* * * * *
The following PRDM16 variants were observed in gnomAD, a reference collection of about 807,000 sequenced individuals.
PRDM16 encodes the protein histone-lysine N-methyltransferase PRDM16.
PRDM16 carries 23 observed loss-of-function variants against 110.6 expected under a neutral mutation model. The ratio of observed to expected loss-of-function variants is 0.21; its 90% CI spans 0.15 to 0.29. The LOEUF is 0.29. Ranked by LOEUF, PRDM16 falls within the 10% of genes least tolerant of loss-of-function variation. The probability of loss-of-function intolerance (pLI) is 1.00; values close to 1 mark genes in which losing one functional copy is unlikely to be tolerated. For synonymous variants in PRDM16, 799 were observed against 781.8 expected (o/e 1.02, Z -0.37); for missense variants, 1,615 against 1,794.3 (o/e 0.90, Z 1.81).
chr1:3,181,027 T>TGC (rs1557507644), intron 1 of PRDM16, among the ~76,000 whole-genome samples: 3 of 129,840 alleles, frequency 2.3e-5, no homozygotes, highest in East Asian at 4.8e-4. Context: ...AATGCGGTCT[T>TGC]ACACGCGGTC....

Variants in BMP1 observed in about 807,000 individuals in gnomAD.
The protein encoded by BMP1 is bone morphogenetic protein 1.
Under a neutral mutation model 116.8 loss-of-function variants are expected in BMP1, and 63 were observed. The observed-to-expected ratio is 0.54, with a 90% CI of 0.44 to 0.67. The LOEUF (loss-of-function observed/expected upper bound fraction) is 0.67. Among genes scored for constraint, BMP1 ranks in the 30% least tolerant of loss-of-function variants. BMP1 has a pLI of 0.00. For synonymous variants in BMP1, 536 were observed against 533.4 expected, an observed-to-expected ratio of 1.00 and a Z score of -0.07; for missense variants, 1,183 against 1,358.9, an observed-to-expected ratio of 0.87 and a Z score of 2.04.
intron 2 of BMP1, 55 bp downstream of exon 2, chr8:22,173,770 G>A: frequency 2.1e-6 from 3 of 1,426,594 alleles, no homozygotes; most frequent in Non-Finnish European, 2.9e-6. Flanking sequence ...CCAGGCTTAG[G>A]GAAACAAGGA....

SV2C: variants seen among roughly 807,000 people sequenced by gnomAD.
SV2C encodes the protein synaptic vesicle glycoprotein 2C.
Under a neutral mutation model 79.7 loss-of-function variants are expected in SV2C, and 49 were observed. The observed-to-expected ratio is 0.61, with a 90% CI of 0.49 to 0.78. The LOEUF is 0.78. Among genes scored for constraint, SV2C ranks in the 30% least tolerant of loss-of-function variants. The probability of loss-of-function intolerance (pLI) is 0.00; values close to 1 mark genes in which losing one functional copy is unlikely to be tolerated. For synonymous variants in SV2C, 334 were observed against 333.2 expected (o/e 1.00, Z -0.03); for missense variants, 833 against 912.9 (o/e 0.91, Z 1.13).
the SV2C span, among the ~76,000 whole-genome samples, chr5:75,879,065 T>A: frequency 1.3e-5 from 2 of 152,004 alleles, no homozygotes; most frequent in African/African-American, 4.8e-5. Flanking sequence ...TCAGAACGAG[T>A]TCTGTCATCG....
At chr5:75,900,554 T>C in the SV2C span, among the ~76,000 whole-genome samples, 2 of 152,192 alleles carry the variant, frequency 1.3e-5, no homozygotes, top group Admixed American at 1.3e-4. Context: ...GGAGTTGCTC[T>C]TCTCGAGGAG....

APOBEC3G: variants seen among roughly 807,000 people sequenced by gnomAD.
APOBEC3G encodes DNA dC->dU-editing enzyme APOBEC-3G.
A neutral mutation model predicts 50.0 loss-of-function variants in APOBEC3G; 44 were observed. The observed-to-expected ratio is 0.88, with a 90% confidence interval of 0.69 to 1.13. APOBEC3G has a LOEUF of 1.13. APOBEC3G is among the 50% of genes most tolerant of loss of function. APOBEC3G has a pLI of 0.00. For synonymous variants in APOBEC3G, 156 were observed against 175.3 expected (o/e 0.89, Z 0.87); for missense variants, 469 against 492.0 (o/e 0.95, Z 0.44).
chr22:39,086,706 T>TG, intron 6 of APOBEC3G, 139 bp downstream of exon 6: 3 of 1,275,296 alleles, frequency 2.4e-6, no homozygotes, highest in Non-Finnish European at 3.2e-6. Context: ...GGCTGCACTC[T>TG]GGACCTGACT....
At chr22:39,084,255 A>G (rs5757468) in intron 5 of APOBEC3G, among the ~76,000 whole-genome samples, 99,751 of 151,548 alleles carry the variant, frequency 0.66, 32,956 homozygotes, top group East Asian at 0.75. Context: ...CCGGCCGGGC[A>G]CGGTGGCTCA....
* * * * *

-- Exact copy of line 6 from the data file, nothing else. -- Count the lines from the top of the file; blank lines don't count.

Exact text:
The protein encoded by BMP1 is bone morphogenetic protein 1.